How To Deal With Failure:

One of the things I'm regularly asked about when working with clients is how to deal with failure. And it could be about a relationship that has broken down, something that didn't go to plan, a fear of failure, a goal missed or a more general feeling of failure.

Because it seems that when it comes to how to deal with failure, we have a tendency to feel bad, frustrated, anxious or self critical.

Recently I had my own failure and this is how I have learnt, and even benefitted from it for the future.

How To Deal With Failure

A few days ago I took part in a forty mile ultra marathon to raise money for MacMillan Cancer Research.

And it started so well. In fact, at the halfway stage I was only just outside the top twenty and feeling pretty good. I felt sure I was on for a good finish time and a personal best.

Yet within half an hour I was bent over, heaving into the bushes and getting dizzy. After a long, steadily slower trudge to the end of the third lap, I knew it was all over. I'd managed thirty miles but even the lure of a finishers' medal couldn't help me with the last ten miles. I was forced to withdraw from the race.

After weeks of planning and training it was all over and I was gutted. 

But life goes on and a few hours later I have a newer, more progressive and constructive outlook. So here's what I learnt about how to deal with failure:

1) Sometimes the right decision is the hardest decision

Most of us spend most of our time looking for the easiest route through life...and why not?! Yet sometimes we have to make hard decisions because they are the right ones. 

In a different context that could mean ending a relationship that isn't right, limiting a friendship that is toxic or recognising that if things aren't how you want them to be, then only you can do something about it.

For me it meant withdrawing from the race for my first ever 'did not finish' in over fifteen years of running. 

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2) You've got to keep perspective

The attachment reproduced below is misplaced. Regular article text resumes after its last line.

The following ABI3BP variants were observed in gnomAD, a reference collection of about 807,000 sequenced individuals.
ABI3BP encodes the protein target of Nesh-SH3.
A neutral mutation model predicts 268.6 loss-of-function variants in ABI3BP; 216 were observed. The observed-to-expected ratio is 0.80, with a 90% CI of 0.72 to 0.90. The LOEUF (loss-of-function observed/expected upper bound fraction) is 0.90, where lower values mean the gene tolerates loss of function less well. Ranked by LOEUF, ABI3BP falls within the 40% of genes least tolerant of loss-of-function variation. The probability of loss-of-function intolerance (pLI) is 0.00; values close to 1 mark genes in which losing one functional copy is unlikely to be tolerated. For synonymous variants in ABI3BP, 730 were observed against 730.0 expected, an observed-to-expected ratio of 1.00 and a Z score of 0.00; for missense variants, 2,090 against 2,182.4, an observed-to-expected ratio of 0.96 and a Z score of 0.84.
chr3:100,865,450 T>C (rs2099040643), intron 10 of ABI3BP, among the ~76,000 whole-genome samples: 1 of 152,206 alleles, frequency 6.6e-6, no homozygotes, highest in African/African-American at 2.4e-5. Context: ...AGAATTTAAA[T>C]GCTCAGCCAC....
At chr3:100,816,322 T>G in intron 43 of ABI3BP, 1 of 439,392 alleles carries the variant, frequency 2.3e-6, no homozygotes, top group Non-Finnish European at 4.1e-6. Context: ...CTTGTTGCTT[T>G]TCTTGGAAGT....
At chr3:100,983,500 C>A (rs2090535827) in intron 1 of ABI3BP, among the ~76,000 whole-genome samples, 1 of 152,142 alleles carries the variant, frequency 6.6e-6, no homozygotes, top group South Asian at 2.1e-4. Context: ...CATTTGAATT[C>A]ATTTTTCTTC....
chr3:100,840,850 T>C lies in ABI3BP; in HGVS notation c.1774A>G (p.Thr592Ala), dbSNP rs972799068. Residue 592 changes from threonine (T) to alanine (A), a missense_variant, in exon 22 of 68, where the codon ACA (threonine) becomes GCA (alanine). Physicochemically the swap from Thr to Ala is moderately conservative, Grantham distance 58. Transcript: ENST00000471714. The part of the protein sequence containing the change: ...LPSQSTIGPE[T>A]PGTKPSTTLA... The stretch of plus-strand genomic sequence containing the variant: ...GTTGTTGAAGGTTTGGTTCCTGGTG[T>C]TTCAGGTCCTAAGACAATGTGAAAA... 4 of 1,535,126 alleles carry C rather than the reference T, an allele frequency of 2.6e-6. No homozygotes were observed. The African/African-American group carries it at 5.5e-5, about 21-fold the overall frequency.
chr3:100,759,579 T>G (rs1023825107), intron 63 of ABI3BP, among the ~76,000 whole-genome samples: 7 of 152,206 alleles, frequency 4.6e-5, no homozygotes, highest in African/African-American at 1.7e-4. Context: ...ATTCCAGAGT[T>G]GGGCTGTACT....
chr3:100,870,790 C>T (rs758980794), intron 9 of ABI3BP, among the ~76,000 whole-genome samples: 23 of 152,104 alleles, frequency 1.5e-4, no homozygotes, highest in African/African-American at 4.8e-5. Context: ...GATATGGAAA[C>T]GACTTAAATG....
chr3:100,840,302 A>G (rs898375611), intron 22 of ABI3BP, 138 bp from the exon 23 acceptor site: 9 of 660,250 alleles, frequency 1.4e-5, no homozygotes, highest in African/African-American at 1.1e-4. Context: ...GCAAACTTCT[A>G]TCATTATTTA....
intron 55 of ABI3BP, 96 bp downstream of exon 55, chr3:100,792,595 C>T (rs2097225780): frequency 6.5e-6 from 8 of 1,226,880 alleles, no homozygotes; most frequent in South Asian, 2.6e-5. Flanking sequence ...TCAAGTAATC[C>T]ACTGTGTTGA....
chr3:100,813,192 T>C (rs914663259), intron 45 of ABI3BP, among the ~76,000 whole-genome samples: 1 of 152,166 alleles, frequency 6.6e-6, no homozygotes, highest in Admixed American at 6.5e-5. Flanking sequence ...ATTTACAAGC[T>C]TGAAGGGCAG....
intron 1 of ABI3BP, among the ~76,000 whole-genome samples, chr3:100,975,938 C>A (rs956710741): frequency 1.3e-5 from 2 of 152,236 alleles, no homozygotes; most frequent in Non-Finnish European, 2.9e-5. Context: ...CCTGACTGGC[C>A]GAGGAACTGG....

It's easy to lose persepctive when we think we have failed and it's all gone wrong. We can get consumed in negative analysis, frustration, regret and a sense that 'I'm a failure' rather than 'this was a failure'.

Spending time playing with my eight year old daughter, who had been there supporting me throughout the race, soon had me feeling better and within thirty minutes of withdrawing I was hobbling around playing football with her. 

Twenty four hours after my race, a friend posted his father had died. Does my 'failure' have much weight now? Not really. There will be more opportunities.

3) Savour The Good Times

Without things going wrong, or not to plan, our successes and achievements would not be nearly so sweet. A couple of months ago I ran a marathon that I was very satisifed with after a long injury lay off. That one now seems even more special when I think back on crossing the finish line.

The day after my race I met up with my youngest daughter who hadn't made the trip due to illness. Seeing her bright, healthy happy face again after she had been so poorly was a really special moment that I anticipated in advance and cherished when she came running towards me.

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4) It Strengthens Motivation

Not finishing has doubled my motivation to perform well at my next race. It's easy to lose track of what you love about what you do until it disappears for a bit so now I feel very focussed for my next marathon and ultra marathon.

5) Learning and Improving

How  much of your life is spent within your comfort zone where everything runs smoothly yet never moves forward? Without sometimes sticking our neck out we can easily stop learning and growing. We can feel unchallenged and start to stagnate. Yet pushing forward into new territory (and any fear that we may have) is how we improve and achieve our potenital.

Sure we may mess up, fall on our face or fail, yet that is how we learn and grow. So as you progress I suggest reviewing any perceived failures (and successes too) and asking yourself these two questions:

i) What went well in what I did? What are three things that I did well? Recognise that most things aren't ever a complete success or failure but are rather somewhere in between.

ii) What is one thing that could have gone better? Then close your eyes and imagine doing that one thing next time you are in a similar situation. Start priming your mind to carry it out next time so you can learn and improve.

how to deal with failure 

Chances are that all of us are going to have our fair share of failures, mistakes and frustrations along the way. So the more you can do to gleen the positives, the better you will feel and the more you can learn, grow and thrive into the future.

To your success,

Dan

Hypnotherapy in Ely, Newmarket, Skype